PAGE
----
This is a good thing, because a few chapters ago, I encountered the following:
Your reach as a viewer is vastly greater than your reach as a maker. The art you can experience may have originated a thousand miles away or a thousand years ago, but the art you can make is irrevocably bound to the times and places of your life. Limited by the very ground on which you stand.
I was rocked back by the idea that I'm working on things whose time has passed, that my own laziness and lack of desire to poke at painful areas while they hurt has allowed time to cave in around those ideas and block them off from full fruition. Also bound up in that paragraph (and the surrounding text in the book) is that appropriating others' cultural symbols is a bad idea. Good-bye fairy-tale road (sorry.).
The contradictions between trusting that I can navigate my own stories and the fear that my writing will completely stop if I have to eliminate the fantasy have had me spinning around uselessly this afternoon. While the dogs have started at invisible people on the porch, I've growled at self-created dichotomies and worried at the edges of the novel until it's nice and velvety. And kept reading.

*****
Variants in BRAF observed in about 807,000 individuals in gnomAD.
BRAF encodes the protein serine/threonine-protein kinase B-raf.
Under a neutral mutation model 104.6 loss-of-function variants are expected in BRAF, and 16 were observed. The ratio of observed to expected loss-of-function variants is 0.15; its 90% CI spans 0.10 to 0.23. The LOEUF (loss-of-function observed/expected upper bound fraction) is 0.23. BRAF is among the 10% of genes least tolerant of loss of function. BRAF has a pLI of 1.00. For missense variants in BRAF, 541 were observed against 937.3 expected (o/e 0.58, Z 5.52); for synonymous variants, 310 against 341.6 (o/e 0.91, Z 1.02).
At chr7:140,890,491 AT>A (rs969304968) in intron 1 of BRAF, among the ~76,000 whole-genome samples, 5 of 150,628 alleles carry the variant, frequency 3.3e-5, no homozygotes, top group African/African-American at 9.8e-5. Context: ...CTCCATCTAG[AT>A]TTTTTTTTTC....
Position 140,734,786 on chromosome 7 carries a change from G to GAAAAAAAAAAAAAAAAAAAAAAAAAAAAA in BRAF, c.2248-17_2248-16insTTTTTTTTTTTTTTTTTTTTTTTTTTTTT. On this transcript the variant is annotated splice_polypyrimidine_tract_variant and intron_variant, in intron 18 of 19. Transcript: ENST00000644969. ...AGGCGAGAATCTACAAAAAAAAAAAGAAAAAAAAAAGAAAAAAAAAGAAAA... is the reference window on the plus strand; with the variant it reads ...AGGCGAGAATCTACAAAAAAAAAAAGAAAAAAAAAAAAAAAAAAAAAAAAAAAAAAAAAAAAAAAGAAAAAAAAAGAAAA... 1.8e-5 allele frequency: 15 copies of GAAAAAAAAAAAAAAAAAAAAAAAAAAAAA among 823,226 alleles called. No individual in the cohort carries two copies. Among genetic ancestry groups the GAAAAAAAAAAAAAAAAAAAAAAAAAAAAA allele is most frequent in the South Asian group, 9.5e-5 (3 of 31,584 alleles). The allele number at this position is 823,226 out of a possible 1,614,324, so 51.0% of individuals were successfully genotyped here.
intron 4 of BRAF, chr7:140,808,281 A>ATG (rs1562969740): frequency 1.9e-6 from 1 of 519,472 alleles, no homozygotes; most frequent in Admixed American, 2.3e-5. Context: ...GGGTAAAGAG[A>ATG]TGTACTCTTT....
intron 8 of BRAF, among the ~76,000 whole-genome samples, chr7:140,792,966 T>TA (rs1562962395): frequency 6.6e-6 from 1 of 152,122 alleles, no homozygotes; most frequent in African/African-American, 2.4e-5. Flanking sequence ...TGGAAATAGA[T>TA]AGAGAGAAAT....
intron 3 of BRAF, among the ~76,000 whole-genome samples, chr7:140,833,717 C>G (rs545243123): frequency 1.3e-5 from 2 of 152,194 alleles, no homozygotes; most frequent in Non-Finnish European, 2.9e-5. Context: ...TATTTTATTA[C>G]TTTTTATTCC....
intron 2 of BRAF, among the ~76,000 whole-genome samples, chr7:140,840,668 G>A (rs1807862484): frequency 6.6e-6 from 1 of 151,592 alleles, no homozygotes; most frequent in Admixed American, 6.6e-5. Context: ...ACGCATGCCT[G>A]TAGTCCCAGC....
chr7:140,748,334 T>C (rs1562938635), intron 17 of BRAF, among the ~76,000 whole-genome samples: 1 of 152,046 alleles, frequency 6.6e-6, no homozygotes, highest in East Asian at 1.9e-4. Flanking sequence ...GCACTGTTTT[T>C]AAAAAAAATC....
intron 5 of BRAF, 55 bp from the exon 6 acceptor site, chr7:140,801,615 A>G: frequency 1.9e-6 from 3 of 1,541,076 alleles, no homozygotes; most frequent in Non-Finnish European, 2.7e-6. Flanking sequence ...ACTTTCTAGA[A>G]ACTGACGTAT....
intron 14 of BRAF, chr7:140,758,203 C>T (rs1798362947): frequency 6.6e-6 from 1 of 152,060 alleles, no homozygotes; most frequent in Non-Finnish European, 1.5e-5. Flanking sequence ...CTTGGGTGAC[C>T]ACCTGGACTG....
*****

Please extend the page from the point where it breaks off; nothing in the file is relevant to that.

I do wonder if my "ground" is too limited to support an entire novel. I've worked out my initial theme in short stories written since the novel was begun and now I have characters and a shell of plot and perhaps a new character who doesn't want the story to be consigned back to the draft file before he has a chance to see what he can do with it; is this structure to ephemeral to hold a fragile story ecosystem?
Am I trying to patch things on out of desperation? (um...yes?!) Does this mean that my Thunderbirds and leviathans are going to fall out of the sky because there is no support system for them (no game, no twitter feed, no common cultural ground)? Where and how often do you have to live with a idea or concept before it is yours or before you've used it up?
I am flailing. The dogs are kicking me while dreaming. We're all flailing today.